Welcome back to Dave’s continued journey down the modern DC Comics rabbit hole. If you missed my review on issue #1 of Supersons I started with pointing out that I am not normally a DC Comics reader. While I would say my knowledge is above average, it is mostly from other forms of media and not strictly current.
The prologue for issue #2 starts similarly to issue #1, in the same fake house with the same family, but instead of insisting on group hugs, the teenage son is insisting they die. Also, there are three of him and he now calls himself Kid Amazo.
Meanwhile, our young heroes are eighty stories up the side of Lexcorp headquarters with an ‘S’ embossed caped silhouette floating behind them. As Robin makes bald jokes, Superlex points out that they should be in bed and to get off his building. (Wait, there’s a Superlex now?) Robin’s response is to toss Superboy from the building and point out that he can’t fly, forcing Superlex to save him. (Superlex. Really? That’s actually a thing now, I guess.)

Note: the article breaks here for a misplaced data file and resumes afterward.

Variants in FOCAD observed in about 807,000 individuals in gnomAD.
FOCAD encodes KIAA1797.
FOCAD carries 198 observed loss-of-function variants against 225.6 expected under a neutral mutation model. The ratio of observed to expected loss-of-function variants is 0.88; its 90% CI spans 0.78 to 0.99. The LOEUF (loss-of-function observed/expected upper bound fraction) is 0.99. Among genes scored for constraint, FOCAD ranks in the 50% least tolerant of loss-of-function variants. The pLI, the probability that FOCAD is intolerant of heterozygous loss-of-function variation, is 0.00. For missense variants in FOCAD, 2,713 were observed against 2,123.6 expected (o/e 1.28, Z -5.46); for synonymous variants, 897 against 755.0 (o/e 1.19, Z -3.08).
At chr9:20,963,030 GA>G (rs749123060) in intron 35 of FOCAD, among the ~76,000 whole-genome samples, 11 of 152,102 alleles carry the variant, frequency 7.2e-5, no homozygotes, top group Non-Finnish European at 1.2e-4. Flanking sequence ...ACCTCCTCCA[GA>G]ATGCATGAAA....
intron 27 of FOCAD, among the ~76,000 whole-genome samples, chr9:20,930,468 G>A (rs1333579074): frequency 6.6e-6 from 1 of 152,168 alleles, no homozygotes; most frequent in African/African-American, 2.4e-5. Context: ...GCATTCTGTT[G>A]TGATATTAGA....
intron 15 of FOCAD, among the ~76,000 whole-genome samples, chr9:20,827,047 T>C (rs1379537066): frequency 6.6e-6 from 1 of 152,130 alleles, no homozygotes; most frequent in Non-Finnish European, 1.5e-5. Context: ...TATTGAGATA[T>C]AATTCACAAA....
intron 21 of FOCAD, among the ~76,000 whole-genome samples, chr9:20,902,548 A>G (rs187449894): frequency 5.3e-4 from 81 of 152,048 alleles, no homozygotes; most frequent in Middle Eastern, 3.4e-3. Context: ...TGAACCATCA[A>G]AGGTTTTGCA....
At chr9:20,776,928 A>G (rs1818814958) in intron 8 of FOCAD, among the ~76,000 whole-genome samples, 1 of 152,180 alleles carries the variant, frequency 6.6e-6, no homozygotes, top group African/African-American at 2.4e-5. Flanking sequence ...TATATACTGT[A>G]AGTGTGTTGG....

Using what little time time he has, Robin enters an unmarked Lexcorp lab, and is caught planting a bomb by the returning Superlex. (Superlex. Seriously?) Robin manages to bluff their way to an escape, arrogantly thanking his partner for being such a good distraction.
After combing through the security footage that Robin was able to copy from the Lexcorp computers, the boys learn of Kid Amazo and head out to investigate. As the issue closes, they find the bodies of most of Kid Amazo’s family, and are found themselves.
Peter J. Tomasi’s story is great, and Jorge Jimenez’s art, with Alejandro Santez’s colours, continues to be spot on. The existence of characters like Superlex is part of why DC has never connected with me as a reader, but I am still enjoying this series on its own merits and have to give this issue a 4 out of 5.